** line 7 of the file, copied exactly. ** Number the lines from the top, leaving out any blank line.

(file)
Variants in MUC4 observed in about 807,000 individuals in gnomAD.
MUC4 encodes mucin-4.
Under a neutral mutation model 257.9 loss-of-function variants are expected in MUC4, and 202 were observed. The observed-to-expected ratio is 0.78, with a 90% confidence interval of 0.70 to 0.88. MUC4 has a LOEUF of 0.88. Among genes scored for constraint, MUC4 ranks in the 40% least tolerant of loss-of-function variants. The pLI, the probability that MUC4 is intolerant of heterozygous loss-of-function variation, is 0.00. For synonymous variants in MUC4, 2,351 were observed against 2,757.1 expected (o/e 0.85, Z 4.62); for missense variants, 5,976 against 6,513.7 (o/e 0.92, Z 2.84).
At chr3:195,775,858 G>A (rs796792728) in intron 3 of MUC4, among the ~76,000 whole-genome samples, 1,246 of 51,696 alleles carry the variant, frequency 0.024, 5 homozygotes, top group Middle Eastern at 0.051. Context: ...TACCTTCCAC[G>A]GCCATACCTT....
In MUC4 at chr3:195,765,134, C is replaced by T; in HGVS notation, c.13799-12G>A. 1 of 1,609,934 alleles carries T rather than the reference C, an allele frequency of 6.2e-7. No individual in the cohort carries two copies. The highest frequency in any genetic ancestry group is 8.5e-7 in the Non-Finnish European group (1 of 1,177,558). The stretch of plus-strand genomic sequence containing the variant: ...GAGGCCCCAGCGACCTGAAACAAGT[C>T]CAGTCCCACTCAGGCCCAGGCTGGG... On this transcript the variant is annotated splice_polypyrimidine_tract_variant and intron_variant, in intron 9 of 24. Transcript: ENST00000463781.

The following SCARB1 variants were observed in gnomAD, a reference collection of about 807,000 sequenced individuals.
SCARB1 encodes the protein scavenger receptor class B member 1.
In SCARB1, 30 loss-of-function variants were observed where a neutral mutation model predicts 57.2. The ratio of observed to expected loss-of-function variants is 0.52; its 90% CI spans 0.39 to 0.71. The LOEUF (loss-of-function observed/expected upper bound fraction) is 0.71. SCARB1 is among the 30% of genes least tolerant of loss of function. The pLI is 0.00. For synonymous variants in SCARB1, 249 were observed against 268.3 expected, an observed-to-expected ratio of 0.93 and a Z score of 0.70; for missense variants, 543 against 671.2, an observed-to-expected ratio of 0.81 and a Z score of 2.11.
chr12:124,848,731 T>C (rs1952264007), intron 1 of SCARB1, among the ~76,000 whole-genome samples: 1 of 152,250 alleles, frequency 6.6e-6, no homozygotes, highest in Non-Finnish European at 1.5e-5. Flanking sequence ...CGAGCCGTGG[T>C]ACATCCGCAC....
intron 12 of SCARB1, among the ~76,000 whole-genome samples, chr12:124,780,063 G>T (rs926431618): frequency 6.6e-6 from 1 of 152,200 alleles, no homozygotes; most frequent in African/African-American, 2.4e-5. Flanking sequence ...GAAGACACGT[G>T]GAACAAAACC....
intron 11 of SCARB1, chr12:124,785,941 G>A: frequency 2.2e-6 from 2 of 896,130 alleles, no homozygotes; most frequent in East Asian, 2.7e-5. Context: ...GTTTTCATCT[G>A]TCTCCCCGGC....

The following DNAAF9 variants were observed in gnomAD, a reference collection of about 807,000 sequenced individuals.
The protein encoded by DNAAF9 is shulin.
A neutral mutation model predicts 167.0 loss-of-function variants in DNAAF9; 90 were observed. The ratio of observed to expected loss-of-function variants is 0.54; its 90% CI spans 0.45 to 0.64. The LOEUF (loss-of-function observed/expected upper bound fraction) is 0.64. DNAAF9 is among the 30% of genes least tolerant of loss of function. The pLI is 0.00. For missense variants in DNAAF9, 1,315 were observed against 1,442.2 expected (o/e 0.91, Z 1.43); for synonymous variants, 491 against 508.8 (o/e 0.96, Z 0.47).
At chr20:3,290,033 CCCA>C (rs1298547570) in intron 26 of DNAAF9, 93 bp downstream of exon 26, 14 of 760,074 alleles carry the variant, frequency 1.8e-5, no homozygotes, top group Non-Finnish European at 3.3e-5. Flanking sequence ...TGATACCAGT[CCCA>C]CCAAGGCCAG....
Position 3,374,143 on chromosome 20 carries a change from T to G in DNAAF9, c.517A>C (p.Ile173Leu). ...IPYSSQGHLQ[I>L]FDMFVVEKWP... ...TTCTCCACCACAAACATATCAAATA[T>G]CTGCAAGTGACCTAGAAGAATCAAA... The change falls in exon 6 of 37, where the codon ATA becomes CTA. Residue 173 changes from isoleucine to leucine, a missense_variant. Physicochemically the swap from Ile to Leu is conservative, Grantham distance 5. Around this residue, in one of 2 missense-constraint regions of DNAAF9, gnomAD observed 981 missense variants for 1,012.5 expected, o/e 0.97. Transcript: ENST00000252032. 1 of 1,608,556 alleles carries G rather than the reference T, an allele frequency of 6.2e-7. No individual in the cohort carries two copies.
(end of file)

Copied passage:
SCARB1 encodes the protein scavenger receptor class B member 1.